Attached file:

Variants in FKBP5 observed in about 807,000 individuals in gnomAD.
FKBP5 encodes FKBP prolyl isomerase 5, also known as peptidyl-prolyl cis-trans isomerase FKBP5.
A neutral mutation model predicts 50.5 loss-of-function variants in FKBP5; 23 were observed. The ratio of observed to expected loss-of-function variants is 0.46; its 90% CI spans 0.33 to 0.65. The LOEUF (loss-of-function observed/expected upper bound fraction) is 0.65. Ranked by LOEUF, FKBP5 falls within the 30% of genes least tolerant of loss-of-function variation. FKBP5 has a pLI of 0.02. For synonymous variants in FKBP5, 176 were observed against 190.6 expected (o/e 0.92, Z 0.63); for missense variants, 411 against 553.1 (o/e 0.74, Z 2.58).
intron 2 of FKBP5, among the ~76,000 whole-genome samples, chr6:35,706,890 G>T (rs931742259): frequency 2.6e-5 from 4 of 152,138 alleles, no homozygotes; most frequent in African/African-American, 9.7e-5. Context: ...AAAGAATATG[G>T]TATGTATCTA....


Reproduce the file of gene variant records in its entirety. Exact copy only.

Variants in FKBP5 observed in about 807,000 individuals in gnomAD.
FKBP5 encodes FKBP prolyl isomerase 5, also known as peptidyl-prolyl cis-trans isomerase FKBP5.
A neutral mutation model predicts 50.5 loss-of-function variants in FKBP5; 23 were observed. The ratio of observed to expected loss-of-function variants is 0.46; its 90% CI spans 0.33 to 0.65. The LOEUF (loss-of-function observed/expected upper bound fraction) is 0.65. Ranked by LOEUF, FKBP5 falls within the 30% of genes least tolerant of loss-of-function variation. FKBP5 has a pLI of 0.02. For synonymous variants in FKBP5, 176 were observed against 190.6 expected (o/e 0.92, Z 0.63); for missense variants, 411 against 553.1 (o/e 0.74, Z 2.58).
intron 2 of FKBP5, among the ~76,000 whole-genome samples, chr6:35,706,890 G>T (rs931742259): frequency 2.6e-5 from 4 of 152,138 alleles, no homozygotes; most frequent in African/African-American, 9.7e-5. Context: ...AAAGAATATG[G>T]TATGTATCTA....